Vacations force you get cleaned up.

You never know who you’ll meet while traveling away from home. Likewise, the last thing you want are vacation photos where you look like the Bride of Frankenstein.

Extra innings at the gym. Haircut. Highlights. Manicure. Pedicure. Bikini wax. Restylane. Fresh bottle of foundation. New mascara: Whatever you need to look refreshed and fit when you get there.

You have to get your sh*t in order.

Wrapping up projects at work. Refilling prescriptions for your seasonal asthma medication. Paying down credit card bills so you can fill ’em back up again. Removing expired foodstuffs from your pantry. Mowing the lawn. Trimming the hedges. Updating your Final Will and Testament to include appropriate custodians for your pets.

While it would be nice to just say “tahellwithit!” and run away with life strew about, there’s nothing worse than coming home from vacation to a mess bigger than what you left behind.

They Warned Me I’d Find Love

A few days before I left for my 2-week-plus roadtrip to and through Newfoundland, Canada, I stopped in on a psychic. It was one of those post-lunch-with-a-friend-margarita-splurges, so I have something of an excuse for dropping $25 on a tarot reading. I won’t go into the details of her assessment of my future — that’s a story for another blog — but I will say that she rightly tagged me a globe-trotter and proceeded to predict that my soulmate would come to me within the next 6 weeks.

An optimist.

Newfoundlanders have a definite rugged masculinity that has a certain sex appeal

Considering that nearly 3 of my next 6 weeks were to be spent in the rough n’ tumble, fishery-driven, foot-stomping Canadian province of Newfoundland, odds were  50-50 that my “soulmate” would be a Newfie — that is, if you invest any credibility in psychics.

I didn’t necessarily mind that possibility.

Have you ever been somewhere and been hit by an overwhelming feeling that love was waiting for you there? I don’t mean a holiday fling when you’re on vacation. I mean a sense that the real, meaty, lasting stuff is right around that next corner in that city. I was hit with that feeling once — when I was in Vancouver.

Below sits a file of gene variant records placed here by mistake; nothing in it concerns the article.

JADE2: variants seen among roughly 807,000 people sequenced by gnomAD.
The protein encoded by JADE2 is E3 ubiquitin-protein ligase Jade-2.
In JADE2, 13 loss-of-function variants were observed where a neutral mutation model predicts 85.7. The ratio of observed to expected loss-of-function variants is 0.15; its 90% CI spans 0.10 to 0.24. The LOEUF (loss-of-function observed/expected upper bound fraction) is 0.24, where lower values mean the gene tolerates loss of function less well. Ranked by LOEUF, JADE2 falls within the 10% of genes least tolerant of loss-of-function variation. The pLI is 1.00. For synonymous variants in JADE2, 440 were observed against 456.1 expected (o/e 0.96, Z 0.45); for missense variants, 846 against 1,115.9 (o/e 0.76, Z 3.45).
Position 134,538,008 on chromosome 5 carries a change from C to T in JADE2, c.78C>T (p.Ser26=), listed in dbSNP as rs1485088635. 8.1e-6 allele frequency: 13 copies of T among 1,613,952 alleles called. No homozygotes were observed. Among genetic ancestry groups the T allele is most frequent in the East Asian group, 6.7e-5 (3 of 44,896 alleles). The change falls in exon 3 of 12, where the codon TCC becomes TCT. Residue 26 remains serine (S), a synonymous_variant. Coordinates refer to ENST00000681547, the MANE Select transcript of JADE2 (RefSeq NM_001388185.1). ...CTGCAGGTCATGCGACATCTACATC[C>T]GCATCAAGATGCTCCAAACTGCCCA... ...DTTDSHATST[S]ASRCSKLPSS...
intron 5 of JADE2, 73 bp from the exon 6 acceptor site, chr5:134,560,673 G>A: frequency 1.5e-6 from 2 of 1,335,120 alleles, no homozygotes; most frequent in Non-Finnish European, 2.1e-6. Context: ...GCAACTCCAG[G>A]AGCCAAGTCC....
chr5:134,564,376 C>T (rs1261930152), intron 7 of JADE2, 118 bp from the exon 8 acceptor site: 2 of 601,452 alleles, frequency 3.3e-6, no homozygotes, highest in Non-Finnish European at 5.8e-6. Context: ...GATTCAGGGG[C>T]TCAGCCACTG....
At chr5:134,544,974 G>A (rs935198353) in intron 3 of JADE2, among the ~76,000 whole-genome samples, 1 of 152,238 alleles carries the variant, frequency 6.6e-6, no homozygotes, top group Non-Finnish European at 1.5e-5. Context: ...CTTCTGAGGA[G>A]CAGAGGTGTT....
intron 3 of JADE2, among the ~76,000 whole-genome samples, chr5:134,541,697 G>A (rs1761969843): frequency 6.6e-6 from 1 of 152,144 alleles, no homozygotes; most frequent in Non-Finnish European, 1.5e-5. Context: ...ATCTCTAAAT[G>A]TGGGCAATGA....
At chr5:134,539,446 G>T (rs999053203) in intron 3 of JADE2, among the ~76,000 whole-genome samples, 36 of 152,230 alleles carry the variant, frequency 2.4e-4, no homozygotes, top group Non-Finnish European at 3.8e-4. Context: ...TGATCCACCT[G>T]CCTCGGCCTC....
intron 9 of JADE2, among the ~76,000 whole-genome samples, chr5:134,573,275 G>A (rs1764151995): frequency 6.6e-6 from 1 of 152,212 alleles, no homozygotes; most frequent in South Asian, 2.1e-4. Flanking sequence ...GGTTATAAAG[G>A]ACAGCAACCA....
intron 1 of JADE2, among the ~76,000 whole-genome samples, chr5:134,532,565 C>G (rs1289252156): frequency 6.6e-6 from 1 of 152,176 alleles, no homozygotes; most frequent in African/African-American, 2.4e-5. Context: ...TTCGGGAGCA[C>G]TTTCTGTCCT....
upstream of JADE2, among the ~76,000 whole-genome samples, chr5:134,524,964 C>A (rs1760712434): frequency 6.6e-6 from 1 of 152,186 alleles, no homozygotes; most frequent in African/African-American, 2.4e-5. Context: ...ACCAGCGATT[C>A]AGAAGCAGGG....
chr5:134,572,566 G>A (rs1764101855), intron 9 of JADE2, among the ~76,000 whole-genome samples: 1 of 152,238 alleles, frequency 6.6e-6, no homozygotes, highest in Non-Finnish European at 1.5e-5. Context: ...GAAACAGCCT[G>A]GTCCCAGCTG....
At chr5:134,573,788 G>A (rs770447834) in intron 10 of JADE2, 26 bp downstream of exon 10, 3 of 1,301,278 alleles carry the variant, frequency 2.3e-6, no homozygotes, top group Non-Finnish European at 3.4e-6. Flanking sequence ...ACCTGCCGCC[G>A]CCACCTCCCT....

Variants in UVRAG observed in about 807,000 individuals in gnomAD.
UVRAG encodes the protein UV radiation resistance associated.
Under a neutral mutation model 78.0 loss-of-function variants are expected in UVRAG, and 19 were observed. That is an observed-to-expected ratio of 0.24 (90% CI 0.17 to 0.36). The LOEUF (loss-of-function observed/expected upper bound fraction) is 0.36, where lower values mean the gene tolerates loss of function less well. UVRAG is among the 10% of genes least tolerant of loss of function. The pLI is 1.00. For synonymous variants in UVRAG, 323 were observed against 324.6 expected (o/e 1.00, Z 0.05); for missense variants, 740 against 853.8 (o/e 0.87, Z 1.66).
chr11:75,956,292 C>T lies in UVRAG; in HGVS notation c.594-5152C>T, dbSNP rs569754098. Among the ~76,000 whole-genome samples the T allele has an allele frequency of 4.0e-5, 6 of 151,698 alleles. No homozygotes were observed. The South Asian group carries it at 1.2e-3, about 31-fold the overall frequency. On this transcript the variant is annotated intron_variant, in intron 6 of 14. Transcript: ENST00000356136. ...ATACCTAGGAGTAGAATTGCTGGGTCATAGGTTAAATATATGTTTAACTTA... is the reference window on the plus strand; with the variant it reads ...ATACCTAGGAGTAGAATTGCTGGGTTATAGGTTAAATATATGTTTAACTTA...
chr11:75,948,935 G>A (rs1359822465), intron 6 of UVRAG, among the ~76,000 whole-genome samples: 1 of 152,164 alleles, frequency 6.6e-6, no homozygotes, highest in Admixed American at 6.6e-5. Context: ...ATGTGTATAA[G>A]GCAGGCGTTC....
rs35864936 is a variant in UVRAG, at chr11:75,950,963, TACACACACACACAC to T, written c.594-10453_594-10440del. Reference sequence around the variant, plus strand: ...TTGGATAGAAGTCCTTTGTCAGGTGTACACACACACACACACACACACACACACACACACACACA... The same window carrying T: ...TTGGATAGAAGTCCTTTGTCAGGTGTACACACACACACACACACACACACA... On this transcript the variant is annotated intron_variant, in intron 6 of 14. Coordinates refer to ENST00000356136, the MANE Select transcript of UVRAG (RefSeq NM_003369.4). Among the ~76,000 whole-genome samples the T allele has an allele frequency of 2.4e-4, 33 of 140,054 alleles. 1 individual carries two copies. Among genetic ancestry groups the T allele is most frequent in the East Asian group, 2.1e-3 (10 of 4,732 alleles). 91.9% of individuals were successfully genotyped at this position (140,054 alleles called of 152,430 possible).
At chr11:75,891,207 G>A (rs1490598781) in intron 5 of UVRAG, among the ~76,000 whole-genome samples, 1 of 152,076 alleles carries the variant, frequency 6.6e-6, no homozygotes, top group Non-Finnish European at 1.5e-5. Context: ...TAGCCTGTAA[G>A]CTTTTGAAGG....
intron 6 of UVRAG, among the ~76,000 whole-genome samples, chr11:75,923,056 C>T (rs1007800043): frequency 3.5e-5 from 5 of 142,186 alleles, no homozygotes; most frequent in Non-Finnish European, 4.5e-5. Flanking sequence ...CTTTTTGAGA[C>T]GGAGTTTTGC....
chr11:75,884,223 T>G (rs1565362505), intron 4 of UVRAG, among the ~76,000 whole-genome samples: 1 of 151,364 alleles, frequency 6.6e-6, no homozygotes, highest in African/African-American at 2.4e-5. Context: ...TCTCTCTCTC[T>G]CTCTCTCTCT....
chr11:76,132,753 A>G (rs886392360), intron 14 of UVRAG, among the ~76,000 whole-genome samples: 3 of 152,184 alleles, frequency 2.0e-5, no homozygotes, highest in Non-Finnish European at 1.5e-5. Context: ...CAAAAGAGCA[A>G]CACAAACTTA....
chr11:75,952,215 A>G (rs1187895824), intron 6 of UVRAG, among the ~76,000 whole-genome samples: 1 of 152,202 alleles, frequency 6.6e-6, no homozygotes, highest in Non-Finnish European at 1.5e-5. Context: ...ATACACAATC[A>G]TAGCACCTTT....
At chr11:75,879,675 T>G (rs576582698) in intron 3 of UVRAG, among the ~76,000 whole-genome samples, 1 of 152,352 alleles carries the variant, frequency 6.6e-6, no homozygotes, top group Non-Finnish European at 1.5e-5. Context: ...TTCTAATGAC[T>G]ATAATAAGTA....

Truth is, New York (or perhaps just New Yorkers) has always felt like a romantic deadend for me, (this is not a jaded singleton speaking, it’s intuition). Yet, there’s something in the Canadian air that always makes me feel like  love is possible.  And I’ll confess, I’ve always had a thing for Canadians. Maybe it’s because the men I’ve met there know what I’m talking about when I say I daydream about a Necky Chatham. Maybe it’s because they don’t look like they’re trying too hard when they wear plaid. Maybe it’s the wholesome accent. Or maybe it’s because I’m in the process of applying for Canadian citizenship and I realize marrying one would save me a lot of paperwork.

Newfoundlanders are friendly...go to Living Planet for your own T-Shirt with this Lichtenstein-esque image.

Our psychic might have been on to something?

Newfoundlanders are notoriously hospitable, and everywhere I went in the province I made friends, starting with a retired fisherman/musician I met on the ferry from Nova Scotia. Before we disembarked he looked me in the eye and warned me:

“You’re going to meet someone here. Newfoundlanders love girls like you.”

I laughed, thanked him, and not entirely sure what he meant by “girls like you,” went on my way. I didn’t give him and his warning another thought until a few days later in St. John’s when a local, keen to give me restaurant and concert advice, suddenly stopped our lively chat to say: “You should be prepared. It’s happened before, you know. People come here and fall in love. You’re going to meet someone. Go with it. Newfoundlanders make great mates. They’re very loyal.” He then took his dog and walked away.

It seemed that with every day on the Rock, came another prediction that Newfoundland would present me with new found love. If you’ve seen or read “The Shipping News,” then you have some sense of the real mysticism that hovers over the island. The setting is romantic, the people magical, the tone otherworldly, so with all the forewarning that I would be swept off my feet by a local, I started to think… why not?

It turns out, at the end of the day, they were right. I did meet someone, fall in love with him, and discuss the possibility of taking him home with me…he just wasn’t exactly the Newfoundland stud they might have had in mind…

Newf and I had something special.